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    I have a Bessa R and have it to be very reliable and a pleasure to use. One word of caution -- collapsible lenses should not be used on the Bessa cameras as they can damage the shutter curtain when in the collapsed position.
     
  6. Roger Hicks

    Roger Hicks Member

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    Dear Dave,

    I've owned & used all the cameras you list (still have some, including a IIIa, though no Canons for years) and I'd go for the Bessa-R for sheer usability. Old Leicas have terrible viewfinders -- arguably worse than the Zorkii -- and old Canons are well, old. There's a great pleasure in a good, old camera but a lot less when it needs repairs.

    But bear in mind Claire's advice too, possibly with a new accessory viewfinder.

    Cheers,

    Roger
     
  7. DBP

    DBP Member

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    I have a wide range of Zorkis and Feds, a Canon L, and a Bessa R. From a shooting standpoint, there is no contest. The Bessa has a brighter clearer viewfinder with multiple sets of framelines and a built in meter. The Canon has multiple magnifications, but no framelines, and the rangefinder is closer in brightness to a Zorki than a Bessa. Is the Bessa as sturdy as a Leica? No, but if you are going in harm's way, carry the Zorki. But if you are really strapped for cash, why not keep using the Zorki? It is certainly competitive in usability with any LTM rangefinder except the later Canons and the Bessa. $400 will buy a lot of film.
     
  8. Daniel_OB

    Daniel_OB Member

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    If Zorki works for you keep it. Do not waste energy on equipment. You will find that Leica will be just on your way and you will always try to hide your low creativity behind the Leica camera. High cost equipment is proved to be very bad choice if you really do not need it. Just in the case if you think Zorki do not assist you good enough look further.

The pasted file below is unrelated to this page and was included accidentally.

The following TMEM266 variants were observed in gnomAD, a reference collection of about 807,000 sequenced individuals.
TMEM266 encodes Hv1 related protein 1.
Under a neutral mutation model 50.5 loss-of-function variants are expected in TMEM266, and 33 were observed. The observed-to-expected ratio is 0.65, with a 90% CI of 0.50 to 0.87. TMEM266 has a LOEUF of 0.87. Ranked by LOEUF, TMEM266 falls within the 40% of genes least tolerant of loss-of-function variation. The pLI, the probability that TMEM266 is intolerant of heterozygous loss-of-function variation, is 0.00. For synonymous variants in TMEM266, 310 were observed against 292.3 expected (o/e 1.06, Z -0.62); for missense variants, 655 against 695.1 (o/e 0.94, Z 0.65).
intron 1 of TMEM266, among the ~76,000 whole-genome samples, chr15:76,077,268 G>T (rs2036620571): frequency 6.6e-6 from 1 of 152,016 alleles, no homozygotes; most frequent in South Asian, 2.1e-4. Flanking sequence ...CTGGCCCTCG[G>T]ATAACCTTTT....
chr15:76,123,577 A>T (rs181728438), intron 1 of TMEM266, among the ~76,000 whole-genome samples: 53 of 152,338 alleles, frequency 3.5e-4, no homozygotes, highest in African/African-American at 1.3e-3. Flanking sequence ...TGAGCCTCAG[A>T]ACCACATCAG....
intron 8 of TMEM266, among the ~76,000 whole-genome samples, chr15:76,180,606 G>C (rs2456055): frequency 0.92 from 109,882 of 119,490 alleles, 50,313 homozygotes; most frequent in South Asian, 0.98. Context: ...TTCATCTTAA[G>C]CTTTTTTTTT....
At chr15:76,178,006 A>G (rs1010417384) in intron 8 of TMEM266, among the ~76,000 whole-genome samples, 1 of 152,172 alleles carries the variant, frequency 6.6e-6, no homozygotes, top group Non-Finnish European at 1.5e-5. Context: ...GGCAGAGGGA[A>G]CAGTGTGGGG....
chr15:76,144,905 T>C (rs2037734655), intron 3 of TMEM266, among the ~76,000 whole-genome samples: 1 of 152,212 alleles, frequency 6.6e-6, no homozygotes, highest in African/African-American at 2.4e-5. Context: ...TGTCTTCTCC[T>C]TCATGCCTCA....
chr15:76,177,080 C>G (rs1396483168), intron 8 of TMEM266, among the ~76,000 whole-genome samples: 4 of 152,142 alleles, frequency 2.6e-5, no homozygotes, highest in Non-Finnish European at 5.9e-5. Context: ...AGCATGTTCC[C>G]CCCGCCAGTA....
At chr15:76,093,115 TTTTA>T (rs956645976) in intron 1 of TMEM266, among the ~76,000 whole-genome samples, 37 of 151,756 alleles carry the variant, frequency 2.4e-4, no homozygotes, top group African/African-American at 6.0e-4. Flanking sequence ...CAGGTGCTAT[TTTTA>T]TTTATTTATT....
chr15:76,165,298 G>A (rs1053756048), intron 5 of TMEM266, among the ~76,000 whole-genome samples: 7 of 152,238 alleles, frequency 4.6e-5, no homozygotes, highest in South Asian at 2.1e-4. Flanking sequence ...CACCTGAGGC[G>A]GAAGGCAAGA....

Leica is nothing better than Zorki. The best camera is one you like and it make pictures you want.

    www.Leica-R.com
     
  9. Jerevan

    Jerevan Subscriber

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    Okay, I think I'd spend the money on film and paper in the first place if you still like the Zorki. I've used the Fed 3, Leica M4 and IIIf. What I gained from this, is that the mechanical feeling of the cameras are different but they all make wonderful photos if you're willing and able and the camera is in good enough shape.

    The Fed went away, the M4 hardly gets out of the box because I paid so much money for it, I am always agonizing over "what if I drop it". The IIIf comes along just about everywhere because it's so small. So, in my case the most useful camera is the IIIf. And it's always, always loaded with film.
     
  10. elekm

    elekm Member

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    There's a lot of good advice here. When you do end up buying another camera, be sure to handle the cameras, if at all possible. That will also assist you in making a decision. Don't buy simply on price or brand name.

    The Bessa-R is really a sweet little camera. The Voigtlander lenses are excellent.

    Long-term durability seems to be decent, despite the moderate use of plastic. The primary weakness of all of the Bessa rangefinder cameras is Bessa's apparent inability to properly calibrate the rangefinder. That's judging from the number of comments on various discussion boards that all point out this problem.

    My own Bessa was fine. However, my Rollei 35 RF (Bessa-R2 clone) is out vertically.
     
  11. DBP

    DBP Member